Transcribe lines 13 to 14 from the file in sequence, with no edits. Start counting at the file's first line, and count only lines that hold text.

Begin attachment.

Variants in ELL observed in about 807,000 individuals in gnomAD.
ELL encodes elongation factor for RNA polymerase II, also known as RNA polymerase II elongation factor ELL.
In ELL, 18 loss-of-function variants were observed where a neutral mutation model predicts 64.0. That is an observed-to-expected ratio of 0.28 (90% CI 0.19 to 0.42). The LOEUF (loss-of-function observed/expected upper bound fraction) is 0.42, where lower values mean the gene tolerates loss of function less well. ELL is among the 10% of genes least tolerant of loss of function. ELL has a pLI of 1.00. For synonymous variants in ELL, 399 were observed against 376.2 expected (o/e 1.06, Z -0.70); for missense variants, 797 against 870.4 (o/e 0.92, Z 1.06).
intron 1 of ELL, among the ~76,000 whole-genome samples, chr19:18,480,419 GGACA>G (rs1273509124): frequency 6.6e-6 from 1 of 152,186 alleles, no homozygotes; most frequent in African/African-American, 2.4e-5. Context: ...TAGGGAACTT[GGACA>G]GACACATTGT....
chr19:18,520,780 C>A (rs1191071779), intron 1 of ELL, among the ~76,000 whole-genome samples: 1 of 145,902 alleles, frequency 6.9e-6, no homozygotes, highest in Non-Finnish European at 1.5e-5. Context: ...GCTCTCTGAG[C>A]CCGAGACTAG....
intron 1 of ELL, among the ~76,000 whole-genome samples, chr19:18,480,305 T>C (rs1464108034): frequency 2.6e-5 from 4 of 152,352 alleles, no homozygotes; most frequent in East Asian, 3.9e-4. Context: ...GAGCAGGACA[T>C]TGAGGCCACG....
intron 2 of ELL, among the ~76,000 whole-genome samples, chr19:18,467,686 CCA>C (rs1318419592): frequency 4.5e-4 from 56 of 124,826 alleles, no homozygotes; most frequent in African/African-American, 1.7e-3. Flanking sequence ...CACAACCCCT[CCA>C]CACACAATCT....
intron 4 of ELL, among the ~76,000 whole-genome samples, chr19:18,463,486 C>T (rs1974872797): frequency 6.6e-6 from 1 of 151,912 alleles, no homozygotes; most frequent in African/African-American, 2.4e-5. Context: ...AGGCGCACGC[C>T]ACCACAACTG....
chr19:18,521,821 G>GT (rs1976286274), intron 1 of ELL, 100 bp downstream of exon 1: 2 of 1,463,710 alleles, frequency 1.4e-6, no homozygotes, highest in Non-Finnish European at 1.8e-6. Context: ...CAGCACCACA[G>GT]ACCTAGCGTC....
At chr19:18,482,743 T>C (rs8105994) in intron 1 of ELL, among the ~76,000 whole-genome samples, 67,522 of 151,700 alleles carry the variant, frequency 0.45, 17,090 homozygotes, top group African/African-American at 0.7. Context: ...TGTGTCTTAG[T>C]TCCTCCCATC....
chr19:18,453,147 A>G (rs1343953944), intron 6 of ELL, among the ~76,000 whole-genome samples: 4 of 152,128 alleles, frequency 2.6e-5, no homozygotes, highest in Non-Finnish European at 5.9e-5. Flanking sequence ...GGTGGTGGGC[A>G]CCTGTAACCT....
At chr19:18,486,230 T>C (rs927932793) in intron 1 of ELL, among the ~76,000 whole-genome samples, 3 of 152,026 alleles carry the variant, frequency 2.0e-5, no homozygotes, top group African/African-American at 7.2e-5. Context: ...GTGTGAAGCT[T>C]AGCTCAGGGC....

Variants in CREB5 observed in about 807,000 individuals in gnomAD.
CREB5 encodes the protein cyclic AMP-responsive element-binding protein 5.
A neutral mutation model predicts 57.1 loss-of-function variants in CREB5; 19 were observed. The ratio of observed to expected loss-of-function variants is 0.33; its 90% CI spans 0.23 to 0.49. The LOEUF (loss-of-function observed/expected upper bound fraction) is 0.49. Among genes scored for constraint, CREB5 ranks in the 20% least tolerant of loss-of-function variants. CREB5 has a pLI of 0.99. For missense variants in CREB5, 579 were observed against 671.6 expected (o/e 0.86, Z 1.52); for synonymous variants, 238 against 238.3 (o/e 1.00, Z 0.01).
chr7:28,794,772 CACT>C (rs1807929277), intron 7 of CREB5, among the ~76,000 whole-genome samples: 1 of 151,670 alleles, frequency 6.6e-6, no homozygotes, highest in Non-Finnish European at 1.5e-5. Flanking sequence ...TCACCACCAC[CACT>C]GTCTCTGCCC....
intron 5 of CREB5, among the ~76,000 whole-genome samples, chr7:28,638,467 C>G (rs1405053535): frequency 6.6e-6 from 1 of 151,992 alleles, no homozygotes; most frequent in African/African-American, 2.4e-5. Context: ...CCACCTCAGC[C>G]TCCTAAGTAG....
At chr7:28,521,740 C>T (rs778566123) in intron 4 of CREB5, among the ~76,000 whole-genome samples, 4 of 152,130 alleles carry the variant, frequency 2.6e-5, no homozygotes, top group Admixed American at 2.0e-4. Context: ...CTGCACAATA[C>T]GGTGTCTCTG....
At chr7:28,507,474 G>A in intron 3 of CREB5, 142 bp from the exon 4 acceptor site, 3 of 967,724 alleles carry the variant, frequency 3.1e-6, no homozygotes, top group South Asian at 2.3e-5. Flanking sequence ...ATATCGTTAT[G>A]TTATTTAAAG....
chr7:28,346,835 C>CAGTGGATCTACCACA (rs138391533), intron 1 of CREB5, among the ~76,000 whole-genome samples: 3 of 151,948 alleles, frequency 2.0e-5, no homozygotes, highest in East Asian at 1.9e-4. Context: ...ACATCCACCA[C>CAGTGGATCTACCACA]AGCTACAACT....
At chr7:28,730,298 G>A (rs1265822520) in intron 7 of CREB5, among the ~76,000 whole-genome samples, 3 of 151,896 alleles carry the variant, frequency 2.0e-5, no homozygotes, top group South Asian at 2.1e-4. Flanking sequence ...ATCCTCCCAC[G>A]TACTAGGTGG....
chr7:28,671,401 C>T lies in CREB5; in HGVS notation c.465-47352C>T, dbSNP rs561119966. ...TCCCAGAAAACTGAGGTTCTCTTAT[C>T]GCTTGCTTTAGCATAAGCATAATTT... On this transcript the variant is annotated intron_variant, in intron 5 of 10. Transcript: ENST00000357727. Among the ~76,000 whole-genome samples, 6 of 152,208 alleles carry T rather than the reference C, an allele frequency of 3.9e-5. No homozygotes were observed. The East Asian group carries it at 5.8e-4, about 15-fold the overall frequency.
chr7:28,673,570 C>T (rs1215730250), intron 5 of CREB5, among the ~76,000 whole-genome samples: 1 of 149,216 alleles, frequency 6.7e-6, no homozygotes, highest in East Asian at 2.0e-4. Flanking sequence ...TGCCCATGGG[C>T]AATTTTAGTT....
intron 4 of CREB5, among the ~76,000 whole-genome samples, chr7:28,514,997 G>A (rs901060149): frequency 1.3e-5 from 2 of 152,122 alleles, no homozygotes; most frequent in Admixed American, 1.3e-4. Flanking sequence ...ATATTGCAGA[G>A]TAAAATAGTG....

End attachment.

Variants in CREB5 observed in about 807,000 individuals in gnomAD.
CREB5 encodes the protein cyclic AMP-responsive element-binding protein 5.